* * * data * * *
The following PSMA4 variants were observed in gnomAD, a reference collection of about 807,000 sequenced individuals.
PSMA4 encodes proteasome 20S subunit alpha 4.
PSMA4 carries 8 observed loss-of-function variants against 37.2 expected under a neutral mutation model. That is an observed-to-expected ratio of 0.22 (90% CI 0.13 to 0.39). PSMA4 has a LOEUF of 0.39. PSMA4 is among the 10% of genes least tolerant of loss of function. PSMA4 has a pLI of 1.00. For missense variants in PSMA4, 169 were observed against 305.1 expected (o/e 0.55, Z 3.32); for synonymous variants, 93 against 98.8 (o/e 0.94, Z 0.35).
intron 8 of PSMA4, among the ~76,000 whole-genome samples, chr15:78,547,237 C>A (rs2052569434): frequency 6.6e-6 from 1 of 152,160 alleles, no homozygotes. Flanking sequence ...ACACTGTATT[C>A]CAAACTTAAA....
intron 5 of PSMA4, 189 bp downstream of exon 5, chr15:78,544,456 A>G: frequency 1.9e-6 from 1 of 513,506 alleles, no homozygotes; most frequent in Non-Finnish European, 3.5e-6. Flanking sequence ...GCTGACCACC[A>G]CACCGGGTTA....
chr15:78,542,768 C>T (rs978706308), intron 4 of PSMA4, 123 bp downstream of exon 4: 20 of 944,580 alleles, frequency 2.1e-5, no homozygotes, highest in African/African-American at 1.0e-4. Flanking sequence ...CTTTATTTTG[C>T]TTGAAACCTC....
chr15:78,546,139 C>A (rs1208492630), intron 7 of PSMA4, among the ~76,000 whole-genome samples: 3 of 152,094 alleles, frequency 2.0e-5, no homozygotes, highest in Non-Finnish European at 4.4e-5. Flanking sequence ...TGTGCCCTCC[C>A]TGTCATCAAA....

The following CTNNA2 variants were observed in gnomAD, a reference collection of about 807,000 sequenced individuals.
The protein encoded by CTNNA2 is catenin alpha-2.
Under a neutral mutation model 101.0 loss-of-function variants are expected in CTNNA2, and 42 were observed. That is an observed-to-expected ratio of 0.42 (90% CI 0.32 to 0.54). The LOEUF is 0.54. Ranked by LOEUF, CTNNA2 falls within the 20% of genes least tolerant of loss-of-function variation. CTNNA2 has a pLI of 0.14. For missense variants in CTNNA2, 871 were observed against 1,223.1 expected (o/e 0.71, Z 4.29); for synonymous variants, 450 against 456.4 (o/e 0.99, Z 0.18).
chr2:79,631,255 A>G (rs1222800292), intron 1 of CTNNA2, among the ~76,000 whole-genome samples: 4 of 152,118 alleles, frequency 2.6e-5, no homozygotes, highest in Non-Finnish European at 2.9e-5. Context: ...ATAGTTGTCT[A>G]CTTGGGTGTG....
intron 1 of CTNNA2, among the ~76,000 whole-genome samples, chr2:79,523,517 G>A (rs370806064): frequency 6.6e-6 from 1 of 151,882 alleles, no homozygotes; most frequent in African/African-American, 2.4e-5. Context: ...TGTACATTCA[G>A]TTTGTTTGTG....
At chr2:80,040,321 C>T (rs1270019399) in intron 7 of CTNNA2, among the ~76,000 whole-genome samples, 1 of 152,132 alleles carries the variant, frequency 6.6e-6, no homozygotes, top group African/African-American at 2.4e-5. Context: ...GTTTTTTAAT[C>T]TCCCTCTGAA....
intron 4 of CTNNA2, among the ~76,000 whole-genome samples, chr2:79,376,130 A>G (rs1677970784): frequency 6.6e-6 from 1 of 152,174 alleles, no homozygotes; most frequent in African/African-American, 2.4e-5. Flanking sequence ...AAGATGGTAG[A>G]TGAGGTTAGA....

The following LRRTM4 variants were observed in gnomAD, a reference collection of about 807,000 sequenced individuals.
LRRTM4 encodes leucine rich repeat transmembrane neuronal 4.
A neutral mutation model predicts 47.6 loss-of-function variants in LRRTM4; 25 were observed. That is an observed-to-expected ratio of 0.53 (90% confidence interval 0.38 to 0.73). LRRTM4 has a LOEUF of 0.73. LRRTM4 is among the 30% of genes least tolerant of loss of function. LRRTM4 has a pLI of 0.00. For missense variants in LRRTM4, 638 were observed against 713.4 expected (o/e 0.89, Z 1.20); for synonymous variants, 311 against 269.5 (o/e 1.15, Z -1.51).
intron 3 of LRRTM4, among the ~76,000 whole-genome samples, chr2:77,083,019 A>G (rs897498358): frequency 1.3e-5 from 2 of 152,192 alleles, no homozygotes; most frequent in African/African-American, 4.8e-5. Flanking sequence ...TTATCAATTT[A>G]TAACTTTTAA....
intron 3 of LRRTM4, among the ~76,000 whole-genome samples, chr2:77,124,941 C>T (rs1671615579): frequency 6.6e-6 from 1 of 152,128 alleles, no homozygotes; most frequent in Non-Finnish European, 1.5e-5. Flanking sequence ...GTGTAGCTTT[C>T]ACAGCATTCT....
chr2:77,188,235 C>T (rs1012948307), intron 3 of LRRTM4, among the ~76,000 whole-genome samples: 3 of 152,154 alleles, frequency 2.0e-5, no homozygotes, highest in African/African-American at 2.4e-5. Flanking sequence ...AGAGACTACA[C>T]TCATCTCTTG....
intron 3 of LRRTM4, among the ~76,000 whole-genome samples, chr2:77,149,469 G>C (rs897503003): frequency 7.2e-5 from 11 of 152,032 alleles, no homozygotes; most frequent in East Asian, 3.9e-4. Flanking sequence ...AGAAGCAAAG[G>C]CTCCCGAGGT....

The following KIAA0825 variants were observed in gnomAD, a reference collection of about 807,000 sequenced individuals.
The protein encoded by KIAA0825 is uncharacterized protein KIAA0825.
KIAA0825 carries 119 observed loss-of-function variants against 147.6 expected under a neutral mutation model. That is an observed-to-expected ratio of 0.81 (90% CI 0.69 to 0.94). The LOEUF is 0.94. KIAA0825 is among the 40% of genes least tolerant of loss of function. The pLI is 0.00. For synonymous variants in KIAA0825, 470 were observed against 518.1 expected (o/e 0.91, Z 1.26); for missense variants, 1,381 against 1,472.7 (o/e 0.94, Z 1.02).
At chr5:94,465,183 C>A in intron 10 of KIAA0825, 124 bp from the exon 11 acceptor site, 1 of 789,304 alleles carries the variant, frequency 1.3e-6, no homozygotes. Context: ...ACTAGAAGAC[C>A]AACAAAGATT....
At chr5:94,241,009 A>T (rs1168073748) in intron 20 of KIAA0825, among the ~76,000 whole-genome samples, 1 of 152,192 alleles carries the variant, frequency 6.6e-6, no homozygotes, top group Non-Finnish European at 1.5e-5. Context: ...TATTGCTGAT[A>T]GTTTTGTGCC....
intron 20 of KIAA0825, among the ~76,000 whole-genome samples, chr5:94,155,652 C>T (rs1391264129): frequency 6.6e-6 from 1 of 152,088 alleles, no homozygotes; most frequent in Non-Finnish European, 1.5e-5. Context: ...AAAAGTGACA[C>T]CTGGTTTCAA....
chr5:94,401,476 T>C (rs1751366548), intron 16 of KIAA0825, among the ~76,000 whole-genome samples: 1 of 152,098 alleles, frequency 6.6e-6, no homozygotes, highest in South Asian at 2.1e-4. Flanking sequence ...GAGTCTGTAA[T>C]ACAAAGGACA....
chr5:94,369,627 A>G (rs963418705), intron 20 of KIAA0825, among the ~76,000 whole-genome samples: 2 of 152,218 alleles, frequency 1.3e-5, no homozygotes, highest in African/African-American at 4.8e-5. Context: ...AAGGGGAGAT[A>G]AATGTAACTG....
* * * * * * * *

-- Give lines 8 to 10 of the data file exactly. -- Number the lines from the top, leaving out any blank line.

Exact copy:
The following CTNNA2 variants were observed in gnomAD, a reference collection of about 807,000 sequenced individuals.
The protein encoded by CTNNA2 is catenin alpha-2.
Under a neutral mutation model 101.0 loss-of-function variants are expected in CTNNA2, and 42 were observed. That is an observed-to-expected ratio of 0.42 (90% CI 0.32 to 0.54). The LOEUF is 0.54. Ranked by LOEUF, CTNNA2 falls within the 20% of genes least tolerant of loss-of-function variation. CTNNA2 has a pLI of 0.14. For missense variants in CTNNA2, 871 were observed against 1,223.1 expected (o/e 0.71, Z 4.29); for synonymous variants, 450 against 456.4 (o/e 0.99, Z 0.18).